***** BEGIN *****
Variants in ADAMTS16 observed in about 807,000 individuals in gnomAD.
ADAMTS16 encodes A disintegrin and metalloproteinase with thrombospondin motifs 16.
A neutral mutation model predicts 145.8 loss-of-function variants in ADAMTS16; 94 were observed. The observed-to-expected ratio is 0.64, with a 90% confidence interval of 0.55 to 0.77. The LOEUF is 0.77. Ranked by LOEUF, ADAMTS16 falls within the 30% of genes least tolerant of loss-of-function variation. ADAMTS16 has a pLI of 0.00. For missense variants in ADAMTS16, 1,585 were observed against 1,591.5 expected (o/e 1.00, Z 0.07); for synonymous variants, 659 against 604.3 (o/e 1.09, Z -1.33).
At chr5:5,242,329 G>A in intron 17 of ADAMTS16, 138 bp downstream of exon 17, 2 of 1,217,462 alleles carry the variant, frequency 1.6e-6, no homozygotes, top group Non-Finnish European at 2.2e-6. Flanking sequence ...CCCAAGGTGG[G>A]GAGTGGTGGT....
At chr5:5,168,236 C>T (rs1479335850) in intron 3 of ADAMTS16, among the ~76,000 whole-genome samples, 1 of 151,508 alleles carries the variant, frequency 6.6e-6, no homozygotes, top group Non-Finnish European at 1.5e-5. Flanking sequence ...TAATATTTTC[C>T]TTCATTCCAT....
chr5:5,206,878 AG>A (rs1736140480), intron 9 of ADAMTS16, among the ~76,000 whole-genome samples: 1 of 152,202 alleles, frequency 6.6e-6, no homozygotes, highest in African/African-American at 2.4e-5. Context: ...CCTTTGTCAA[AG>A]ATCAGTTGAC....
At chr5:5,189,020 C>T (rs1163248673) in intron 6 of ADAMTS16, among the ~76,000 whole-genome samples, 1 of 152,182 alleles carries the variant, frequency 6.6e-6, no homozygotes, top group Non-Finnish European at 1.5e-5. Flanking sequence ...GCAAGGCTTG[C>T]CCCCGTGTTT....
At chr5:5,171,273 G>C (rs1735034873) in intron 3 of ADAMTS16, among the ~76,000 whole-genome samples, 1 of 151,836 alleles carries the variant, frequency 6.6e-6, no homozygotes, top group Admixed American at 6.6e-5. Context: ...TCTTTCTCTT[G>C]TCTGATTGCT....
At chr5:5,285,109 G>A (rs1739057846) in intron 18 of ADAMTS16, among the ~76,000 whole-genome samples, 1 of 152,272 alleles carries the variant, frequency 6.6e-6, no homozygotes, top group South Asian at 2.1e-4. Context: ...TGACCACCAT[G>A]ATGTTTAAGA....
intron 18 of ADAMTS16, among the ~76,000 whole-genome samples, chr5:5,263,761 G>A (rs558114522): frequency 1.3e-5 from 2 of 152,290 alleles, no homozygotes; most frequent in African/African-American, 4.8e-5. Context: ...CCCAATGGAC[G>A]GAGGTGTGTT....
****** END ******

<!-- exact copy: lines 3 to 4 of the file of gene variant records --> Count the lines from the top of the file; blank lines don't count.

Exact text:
A neutral mutation model predicts 145.8 loss-of-function variants in ADAMTS16; 94 were observed. The observed-to-expected ratio is 0.64, with a 90% confidence interval of 0.55 to 0.77. The LOEUF is 0.77. Ranked by LOEUF, ADAMTS16 falls within the 30% of genes least tolerant of loss-of-function variation. ADAMTS16 has a pLI of 0.00. For missense variants in ADAMTS16, 1,585 were observed against 1,591.5 expected (o/e 1.00, Z 0.07); for synonymous variants, 659 against 604.3 (o/e 1.09, Z -1.33).
At chr5:5,242,329 G>A in intron 17 of ADAMTS16, 138 bp downstream of exon 17, 2 of 1,217,462 alleles carry the variant, frequency 1.6e-6, no homozygotes, top group Non-Finnish European at 2.2e-6. Flanking sequence ...CCCAAGGTGG[G>A]GAGTGGTGGT....